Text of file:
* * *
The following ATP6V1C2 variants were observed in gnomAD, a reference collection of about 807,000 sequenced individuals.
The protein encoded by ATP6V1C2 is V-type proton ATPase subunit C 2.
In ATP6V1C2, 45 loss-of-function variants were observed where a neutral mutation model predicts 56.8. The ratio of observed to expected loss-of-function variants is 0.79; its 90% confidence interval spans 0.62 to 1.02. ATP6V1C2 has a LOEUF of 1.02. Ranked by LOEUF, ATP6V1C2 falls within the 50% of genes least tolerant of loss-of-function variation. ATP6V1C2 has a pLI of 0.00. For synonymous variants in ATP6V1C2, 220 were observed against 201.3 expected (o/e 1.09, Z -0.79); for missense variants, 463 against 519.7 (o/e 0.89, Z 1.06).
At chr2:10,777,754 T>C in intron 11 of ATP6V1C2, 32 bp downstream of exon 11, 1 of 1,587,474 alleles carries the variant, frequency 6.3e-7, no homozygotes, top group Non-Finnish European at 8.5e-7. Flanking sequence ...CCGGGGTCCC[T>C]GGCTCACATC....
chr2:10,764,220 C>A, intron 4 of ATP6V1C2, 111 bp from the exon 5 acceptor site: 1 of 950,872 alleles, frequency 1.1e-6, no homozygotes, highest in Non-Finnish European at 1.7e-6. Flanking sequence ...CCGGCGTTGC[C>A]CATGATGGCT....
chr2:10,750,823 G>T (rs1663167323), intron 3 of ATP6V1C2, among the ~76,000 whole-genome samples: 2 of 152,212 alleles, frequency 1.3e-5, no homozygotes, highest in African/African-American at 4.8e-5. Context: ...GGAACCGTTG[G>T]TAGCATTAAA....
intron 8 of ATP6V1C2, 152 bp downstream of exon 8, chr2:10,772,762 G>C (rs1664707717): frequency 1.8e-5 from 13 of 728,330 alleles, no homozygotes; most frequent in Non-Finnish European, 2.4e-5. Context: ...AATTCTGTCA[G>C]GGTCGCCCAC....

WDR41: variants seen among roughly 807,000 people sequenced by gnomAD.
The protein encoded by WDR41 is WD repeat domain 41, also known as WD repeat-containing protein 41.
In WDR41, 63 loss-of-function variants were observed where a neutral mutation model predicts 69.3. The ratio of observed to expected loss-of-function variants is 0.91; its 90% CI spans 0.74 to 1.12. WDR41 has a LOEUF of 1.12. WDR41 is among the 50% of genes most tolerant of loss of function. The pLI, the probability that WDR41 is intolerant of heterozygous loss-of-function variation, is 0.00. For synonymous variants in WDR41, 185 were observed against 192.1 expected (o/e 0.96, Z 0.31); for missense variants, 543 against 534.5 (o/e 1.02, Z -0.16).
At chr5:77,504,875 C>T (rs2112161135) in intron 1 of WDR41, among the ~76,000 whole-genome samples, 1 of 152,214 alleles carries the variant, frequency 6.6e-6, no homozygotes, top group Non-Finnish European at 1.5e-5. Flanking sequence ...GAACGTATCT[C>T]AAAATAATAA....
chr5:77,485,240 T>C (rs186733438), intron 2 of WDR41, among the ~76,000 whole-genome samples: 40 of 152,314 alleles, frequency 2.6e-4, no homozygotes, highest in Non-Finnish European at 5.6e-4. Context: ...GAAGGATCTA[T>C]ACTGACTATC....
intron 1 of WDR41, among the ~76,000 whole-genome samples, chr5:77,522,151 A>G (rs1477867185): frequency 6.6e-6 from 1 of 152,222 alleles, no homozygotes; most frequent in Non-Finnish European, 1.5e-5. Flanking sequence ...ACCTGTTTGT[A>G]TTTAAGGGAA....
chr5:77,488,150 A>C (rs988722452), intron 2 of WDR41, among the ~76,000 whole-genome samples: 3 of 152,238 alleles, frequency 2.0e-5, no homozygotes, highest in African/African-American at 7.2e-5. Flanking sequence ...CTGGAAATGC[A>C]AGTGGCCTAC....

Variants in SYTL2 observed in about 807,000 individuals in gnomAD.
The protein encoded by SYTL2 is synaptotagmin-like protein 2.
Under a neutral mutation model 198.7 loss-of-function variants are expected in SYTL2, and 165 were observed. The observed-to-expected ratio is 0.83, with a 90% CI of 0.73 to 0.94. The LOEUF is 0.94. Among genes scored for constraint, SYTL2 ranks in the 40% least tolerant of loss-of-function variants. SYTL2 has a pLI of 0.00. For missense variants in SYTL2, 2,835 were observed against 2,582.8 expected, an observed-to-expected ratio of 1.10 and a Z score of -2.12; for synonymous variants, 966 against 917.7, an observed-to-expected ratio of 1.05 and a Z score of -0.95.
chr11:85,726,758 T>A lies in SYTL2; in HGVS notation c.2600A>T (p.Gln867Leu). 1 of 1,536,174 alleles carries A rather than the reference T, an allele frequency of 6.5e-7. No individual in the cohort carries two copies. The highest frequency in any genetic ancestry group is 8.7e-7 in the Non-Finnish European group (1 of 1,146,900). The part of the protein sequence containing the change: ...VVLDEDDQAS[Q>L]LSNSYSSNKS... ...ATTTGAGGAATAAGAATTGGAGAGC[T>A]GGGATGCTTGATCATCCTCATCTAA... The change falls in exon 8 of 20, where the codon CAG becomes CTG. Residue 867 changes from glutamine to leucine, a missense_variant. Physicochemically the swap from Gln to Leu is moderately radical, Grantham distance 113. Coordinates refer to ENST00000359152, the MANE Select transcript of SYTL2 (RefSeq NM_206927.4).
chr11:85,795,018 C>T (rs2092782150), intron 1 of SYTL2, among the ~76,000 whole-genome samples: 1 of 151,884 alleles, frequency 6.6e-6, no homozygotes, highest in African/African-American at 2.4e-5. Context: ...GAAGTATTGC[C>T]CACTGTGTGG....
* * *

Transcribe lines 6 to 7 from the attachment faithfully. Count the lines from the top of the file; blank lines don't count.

chr2:10,750,823 G>T (rs1663167323), intron 3 of ATP6V1C2, among the ~76,000 whole-genome samples: 2 of 152,212 alleles, frequency 1.3e-5, no homozygotes, highest in African/African-American at 4.8e-5. Context: ...GGAACCGTTG[G>T]TAGCATTAAA....
intron 8 of ATP6V1C2, 152 bp downstream of exon 8, chr2:10,772,762 G>C (rs1664707717): frequency 1.8e-5 from 13 of 728,330 alleles, no homozygotes; most frequent in Non-Finnish European, 2.4e-5. Context: ...AATTCTGTCA[G>C]GGTCGCCCAC....